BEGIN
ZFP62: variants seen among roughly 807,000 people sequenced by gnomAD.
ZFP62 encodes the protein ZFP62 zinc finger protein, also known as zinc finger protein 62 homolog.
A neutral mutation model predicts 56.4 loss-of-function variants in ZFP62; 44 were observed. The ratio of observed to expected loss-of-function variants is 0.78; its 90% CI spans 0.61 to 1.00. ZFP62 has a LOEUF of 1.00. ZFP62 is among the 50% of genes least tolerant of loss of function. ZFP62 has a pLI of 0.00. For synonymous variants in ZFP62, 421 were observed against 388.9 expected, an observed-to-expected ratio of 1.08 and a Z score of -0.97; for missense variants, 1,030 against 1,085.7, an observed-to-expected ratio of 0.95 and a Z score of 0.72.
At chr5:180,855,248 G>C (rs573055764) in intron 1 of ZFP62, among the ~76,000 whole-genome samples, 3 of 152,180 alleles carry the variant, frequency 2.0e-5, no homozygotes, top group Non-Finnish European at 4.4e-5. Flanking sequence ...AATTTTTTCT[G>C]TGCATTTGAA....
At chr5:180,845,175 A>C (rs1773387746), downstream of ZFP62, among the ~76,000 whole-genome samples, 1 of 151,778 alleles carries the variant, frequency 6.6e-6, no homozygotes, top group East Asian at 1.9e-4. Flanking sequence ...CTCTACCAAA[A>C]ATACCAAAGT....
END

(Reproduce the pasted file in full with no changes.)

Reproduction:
ZFP62: variants seen among roughly 807,000 people sequenced by gnomAD.
ZFP62 encodes the protein ZFP62 zinc finger protein, also known as zinc finger protein 62 homolog.
A neutral mutation model predicts 56.4 loss-of-function variants in ZFP62; 44 were observed. The ratio of observed to expected loss-of-function variants is 0.78; its 90% CI spans 0.61 to 1.00. ZFP62 has a LOEUF of 1.00. ZFP62 is among the 50% of genes least tolerant of loss of function. ZFP62 has a pLI of 0.00. For synonymous variants in ZFP62, 421 were observed against 388.9 expected, an observed-to-expected ratio of 1.08 and a Z score of -0.97; for missense variants, 1,030 against 1,085.7, an observed-to-expected ratio of 0.95 and a Z score of 0.72.
At chr5:180,855,248 G>C (rs573055764) in intron 1 of ZFP62, among the ~76,000 whole-genome samples, 3 of 152,180 alleles carry the variant, frequency 2.0e-5, no homozygotes, top group Non-Finnish European at 4.4e-5. Flanking sequence ...AATTTTTTCT[G>C]TGCATTTGAA....
At chr5:180,845,175 A>C (rs1773387746), downstream of ZFP62, among the ~76,000 whole-genome samples, 1 of 151,778 alleles carries the variant, frequency 6.6e-6, no homozygotes, top group East Asian at 1.9e-4. Flanking sequence ...CTCTACCAAA[A>C]ATACCAAAGT....